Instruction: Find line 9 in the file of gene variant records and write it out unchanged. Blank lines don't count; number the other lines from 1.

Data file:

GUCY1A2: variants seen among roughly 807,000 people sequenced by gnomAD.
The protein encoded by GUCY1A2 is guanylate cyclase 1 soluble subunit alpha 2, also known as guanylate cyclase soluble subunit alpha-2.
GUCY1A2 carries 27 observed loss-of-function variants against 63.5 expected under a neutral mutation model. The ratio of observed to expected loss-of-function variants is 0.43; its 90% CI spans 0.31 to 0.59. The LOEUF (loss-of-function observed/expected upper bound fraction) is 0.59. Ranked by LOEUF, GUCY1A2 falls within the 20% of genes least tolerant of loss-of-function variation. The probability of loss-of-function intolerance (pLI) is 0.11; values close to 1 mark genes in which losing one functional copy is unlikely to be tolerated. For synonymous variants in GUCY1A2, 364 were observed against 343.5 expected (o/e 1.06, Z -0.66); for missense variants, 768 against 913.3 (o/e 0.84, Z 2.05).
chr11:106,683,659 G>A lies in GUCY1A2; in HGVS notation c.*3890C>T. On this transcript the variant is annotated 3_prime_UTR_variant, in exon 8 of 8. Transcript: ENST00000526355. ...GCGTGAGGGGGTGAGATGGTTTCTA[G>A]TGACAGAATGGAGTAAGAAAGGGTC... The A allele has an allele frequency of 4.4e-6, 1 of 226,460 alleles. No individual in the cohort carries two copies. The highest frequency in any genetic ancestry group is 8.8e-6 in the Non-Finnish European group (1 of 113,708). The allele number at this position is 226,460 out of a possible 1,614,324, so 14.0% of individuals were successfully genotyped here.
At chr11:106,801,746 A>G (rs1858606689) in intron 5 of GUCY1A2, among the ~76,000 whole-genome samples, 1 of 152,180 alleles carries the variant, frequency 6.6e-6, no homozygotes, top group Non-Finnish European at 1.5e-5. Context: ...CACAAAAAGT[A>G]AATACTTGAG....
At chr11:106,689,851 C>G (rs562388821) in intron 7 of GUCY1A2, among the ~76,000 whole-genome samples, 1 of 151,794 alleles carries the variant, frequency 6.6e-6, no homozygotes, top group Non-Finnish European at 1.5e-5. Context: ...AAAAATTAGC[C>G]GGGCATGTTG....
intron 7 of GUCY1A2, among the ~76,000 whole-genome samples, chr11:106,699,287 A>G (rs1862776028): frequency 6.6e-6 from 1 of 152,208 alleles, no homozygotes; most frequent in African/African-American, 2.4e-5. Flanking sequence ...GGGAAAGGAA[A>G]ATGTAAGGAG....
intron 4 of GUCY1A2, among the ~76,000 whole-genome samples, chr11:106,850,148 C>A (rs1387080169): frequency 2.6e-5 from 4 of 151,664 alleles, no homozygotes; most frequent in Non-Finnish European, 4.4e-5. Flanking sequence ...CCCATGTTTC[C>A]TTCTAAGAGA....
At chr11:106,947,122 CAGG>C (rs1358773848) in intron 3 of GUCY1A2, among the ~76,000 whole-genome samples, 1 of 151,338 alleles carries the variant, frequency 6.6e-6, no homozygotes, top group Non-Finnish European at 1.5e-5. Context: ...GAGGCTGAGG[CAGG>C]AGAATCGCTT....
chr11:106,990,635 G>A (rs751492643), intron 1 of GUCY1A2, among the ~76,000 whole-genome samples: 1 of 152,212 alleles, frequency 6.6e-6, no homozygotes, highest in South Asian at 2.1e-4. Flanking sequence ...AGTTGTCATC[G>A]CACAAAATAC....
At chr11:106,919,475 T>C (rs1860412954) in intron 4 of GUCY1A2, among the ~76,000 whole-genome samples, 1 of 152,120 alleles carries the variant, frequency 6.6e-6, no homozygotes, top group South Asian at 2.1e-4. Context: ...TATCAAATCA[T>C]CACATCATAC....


At chr11:106,947,122 CAGG>C (rs1358773848) in intron 3 of GUCY1A2, among the ~76,000 whole-genome samples, 1 of 151,338 alleles carries the variant, frequency 6.6e-6, no homozygotes, top group Non-Finnish European at 1.5e-5. Context: ...GAGGCTGAGG[CAGG>C]AGAATCGCTT....